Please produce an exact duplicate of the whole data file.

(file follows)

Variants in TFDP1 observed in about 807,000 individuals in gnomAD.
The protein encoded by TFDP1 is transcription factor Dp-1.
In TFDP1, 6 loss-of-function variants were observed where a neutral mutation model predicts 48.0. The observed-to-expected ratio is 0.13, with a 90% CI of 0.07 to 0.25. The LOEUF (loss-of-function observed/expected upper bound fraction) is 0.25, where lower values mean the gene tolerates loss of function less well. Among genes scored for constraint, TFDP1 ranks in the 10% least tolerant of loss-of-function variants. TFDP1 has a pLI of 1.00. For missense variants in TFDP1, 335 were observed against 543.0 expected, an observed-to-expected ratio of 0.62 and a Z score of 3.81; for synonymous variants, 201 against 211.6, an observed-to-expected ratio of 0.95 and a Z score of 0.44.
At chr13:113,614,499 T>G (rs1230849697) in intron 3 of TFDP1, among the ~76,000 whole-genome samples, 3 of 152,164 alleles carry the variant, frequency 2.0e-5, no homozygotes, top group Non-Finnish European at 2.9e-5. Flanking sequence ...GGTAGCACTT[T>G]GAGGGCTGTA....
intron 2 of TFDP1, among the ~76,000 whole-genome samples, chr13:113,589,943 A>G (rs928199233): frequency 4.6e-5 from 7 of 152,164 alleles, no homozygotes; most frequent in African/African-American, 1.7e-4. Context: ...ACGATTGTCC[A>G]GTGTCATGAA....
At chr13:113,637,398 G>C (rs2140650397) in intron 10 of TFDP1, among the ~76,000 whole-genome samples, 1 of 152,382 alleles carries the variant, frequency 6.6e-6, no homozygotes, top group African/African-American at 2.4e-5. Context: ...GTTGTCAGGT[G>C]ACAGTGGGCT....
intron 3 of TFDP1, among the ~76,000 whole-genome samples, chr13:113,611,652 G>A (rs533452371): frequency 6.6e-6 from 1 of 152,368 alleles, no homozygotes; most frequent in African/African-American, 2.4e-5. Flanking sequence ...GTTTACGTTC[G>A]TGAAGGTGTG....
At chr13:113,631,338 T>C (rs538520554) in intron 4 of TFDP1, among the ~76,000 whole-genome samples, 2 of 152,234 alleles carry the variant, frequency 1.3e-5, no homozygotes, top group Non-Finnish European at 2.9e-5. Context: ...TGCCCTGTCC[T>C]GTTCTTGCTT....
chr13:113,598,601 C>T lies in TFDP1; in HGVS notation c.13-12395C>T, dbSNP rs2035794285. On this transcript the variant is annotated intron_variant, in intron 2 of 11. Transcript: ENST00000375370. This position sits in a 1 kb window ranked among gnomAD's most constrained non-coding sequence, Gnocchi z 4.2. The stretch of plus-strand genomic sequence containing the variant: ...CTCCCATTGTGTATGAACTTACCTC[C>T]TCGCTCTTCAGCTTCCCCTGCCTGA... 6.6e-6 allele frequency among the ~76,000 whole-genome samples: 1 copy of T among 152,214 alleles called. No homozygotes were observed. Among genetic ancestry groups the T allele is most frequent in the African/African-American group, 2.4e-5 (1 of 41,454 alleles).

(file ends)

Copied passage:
Variants in TFDP1 observed in about 807,000 individuals in gnomAD.
The protein encoded by TFDP1 is transcription factor Dp-1.
In TFDP1, 6 loss-of-function variants were observed where a neutral mutation model predicts 48.0. The observed-to-expected ratio is 0.13, with a 90% CI of 0.07 to 0.25. The LOEUF (loss-of-function observed/expected upper bound fraction) is 0.25, where lower values mean the gene tolerates loss of function less well. Among genes scored for constraint, TFDP1 ranks in the 10% least tolerant of loss-of-function variants. TFDP1 has a pLI of 1.00. For missense variants in TFDP1, 335 were observed against 543.0 expected, an observed-to-expected ratio of 0.62 and a Z score of 3.81; for synonymous variants, 201 against 211.6, an observed-to-expected ratio of 0.95 and a Z score of 0.44.
At chr13:113,614,499 T>G (rs1230849697) in intron 3 of TFDP1, among the ~76,000 whole-genome samples, 3 of 152,164 alleles carry the variant, frequency 2.0e-5, no homozygotes, top group Non-Finnish European at 2.9e-5. Flanking sequence ...GGTAGCACTT[T>G]GAGGGCTGTA....
intron 2 of TFDP1, among the ~76,000 whole-genome samples, chr13:113,589,943 A>G (rs928199233): frequency 4.6e-5 from 7 of 152,164 alleles, no homozygotes; most frequent in African/African-American, 1.7e-4. Context: ...ACGATTGTCC[A>G]GTGTCATGAA....
At chr13:113,637,398 G>C (rs2140650397) in intron 10 of TFDP1, among the ~76,000 whole-genome samples, 1 of 152,382 alleles carries the variant, frequency 6.6e-6, no homozygotes, top group African/African-American at 2.4e-5. Context: ...GTTGTCAGGT[G>C]ACAGTGGGCT....
intron 3 of TFDP1, among the ~76,000 whole-genome samples, chr13:113,611,652 G>A (rs533452371): frequency 6.6e-6 from 1 of 152,368 alleles, no homozygotes; most frequent in African/African-American, 2.4e-5. Flanking sequence ...GTTTACGTTC[G>A]TGAAGGTGTG....
At chr13:113,631,338 T>C (rs538520554) in intron 4 of TFDP1, among the ~76,000 whole-genome samples, 2 of 152,234 alleles carry the variant, frequency 1.3e-5, no homozygotes, top group Non-Finnish European at 2.9e-5. Context: ...TGCCCTGTCC[T>C]GTTCTTGCTT....
chr13:113,598,601 C>T lies in TFDP1; in HGVS notation c.13-12395C>T, dbSNP rs2035794285. On this transcript the variant is annotated intron_variant, in intron 2 of 11. Transcript: ENST00000375370. This position sits in a 1 kb window ranked among gnomAD's most constrained non-coding sequence, Gnocchi z 4.2. The stretch of plus-strand genomic sequence containing the variant: ...CTCCCATTGTGTATGAACTTACCTC[C>T]TCGCTCTTCAGCTTCCCCTGCCTGA... 6.6e-6 allele frequency among the ~76,000 whole-genome samples: 1 copy of T among 152,214 alleles called. No homozygotes were observed. Among genetic ancestry groups the T allele is most frequent in the African/African-American group, 2.4e-5 (1 of 41,454 alleles).